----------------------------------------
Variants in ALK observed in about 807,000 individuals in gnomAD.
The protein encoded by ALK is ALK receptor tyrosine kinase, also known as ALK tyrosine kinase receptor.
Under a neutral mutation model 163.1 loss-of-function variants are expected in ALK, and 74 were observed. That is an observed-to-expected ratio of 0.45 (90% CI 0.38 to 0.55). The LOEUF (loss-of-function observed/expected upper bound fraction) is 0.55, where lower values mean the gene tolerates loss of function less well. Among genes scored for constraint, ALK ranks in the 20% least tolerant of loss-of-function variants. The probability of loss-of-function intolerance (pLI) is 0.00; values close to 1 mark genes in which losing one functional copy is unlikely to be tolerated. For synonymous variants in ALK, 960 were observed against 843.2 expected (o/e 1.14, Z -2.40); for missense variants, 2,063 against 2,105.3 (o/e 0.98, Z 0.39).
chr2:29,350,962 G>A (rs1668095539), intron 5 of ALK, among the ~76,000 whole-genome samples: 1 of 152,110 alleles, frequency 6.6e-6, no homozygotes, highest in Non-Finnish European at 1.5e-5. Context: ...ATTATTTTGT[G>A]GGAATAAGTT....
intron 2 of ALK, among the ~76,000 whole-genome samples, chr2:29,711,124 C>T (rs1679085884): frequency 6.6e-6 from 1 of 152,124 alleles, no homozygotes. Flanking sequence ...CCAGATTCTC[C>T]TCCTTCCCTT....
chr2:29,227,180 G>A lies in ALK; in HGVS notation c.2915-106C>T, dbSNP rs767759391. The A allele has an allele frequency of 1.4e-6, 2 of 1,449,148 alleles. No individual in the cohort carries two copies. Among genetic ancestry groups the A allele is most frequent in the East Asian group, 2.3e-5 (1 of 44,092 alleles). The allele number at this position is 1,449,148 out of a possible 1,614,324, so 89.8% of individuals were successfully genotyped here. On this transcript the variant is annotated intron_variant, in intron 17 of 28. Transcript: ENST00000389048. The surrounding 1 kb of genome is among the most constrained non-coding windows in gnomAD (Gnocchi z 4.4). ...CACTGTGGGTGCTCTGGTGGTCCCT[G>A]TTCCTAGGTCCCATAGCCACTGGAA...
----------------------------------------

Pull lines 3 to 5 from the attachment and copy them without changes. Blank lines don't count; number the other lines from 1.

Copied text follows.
Under a neutral mutation model 163.1 loss-of-function variants are expected in ALK, and 74 were observed. That is an observed-to-expected ratio of 0.45 (90% CI 0.38 to 0.55). The LOEUF (loss-of-function observed/expected upper bound fraction) is 0.55, where lower values mean the gene tolerates loss of function less well. Among genes scored for constraint, ALK ranks in the 20% least tolerant of loss-of-function variants. The probability of loss-of-function intolerance (pLI) is 0.00; values close to 1 mark genes in which losing one functional copy is unlikely to be tolerated. For synonymous variants in ALK, 960 were observed against 843.2 expected (o/e 1.14, Z -2.40); for missense variants, 2,063 against 2,105.3 (o/e 0.98, Z 0.39).
chr2:29,350,962 G>A (rs1668095539), intron 5 of ALK, among the ~76,000 whole-genome samples: 1 of 152,110 alleles, frequency 6.6e-6, no homozygotes, highest in Non-Finnish European at 1.5e-5. Context: ...ATTATTTTGT[G>A]GGAATAAGTT....
intron 2 of ALK, among the ~76,000 whole-genome samples, chr2:29,711,124 C>T (rs1679085884): frequency 6.6e-6 from 1 of 152,124 alleles, no homozygotes. Flanking sequence ...CCAGATTCTC[C>T]TCCTTCCCTT....